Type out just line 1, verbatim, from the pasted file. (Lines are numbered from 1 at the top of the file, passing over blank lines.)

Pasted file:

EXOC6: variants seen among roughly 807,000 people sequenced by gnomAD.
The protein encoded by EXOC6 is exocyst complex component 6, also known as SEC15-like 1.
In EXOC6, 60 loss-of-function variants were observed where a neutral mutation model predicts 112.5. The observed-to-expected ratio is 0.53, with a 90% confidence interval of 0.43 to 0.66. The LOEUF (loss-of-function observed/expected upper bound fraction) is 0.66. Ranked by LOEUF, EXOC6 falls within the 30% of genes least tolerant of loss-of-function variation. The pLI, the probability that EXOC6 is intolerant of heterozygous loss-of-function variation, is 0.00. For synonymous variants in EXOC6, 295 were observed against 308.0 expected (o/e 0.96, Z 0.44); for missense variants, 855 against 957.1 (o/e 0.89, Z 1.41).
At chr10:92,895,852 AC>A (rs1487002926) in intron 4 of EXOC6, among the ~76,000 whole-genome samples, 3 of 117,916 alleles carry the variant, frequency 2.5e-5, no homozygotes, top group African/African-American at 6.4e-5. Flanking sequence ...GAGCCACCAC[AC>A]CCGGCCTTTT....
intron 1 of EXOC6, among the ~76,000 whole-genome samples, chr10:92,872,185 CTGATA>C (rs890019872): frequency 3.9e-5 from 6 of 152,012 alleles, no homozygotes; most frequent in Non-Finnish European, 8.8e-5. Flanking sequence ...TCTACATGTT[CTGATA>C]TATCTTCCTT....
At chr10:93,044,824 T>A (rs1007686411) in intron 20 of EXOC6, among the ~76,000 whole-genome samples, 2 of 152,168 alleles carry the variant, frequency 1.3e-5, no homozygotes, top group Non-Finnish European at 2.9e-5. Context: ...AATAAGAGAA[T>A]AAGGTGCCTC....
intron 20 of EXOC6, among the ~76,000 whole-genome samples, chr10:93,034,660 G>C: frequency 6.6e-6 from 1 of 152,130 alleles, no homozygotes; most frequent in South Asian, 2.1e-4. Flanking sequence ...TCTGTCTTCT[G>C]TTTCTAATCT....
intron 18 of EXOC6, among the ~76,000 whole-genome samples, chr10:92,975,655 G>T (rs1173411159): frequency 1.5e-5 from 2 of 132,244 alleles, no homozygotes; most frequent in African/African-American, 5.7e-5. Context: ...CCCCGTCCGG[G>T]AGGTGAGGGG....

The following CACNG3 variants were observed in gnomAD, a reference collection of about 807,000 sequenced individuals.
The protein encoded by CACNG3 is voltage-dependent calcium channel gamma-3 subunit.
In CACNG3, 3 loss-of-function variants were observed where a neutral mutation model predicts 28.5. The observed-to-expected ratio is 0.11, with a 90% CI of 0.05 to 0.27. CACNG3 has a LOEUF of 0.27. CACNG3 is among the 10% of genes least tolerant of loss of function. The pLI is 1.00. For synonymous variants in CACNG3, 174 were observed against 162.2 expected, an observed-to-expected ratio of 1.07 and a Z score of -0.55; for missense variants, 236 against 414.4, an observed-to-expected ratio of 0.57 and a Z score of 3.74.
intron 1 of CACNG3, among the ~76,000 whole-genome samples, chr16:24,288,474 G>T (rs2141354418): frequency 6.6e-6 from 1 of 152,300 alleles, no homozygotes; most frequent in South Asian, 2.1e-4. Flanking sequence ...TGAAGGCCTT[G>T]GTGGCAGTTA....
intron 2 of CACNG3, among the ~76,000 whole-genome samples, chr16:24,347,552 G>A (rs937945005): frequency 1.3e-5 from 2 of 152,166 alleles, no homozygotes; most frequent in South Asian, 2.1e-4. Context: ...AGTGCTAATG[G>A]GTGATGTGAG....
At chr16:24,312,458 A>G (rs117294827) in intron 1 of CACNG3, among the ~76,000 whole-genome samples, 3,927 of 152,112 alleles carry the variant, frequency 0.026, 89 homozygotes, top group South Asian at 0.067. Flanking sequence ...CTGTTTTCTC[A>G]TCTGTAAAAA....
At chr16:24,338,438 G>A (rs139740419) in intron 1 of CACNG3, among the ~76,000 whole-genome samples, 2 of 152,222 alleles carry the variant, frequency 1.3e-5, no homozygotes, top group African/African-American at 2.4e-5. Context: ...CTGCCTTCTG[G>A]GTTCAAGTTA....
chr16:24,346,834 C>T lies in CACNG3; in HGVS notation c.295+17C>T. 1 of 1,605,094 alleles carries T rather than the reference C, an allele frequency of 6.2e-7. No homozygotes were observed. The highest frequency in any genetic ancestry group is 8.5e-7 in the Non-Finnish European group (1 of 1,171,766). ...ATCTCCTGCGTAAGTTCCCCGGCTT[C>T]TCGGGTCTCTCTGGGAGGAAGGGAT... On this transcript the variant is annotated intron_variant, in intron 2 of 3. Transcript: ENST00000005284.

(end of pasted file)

EXOC6: variants seen among roughly 807,000 people sequenced by gnomAD.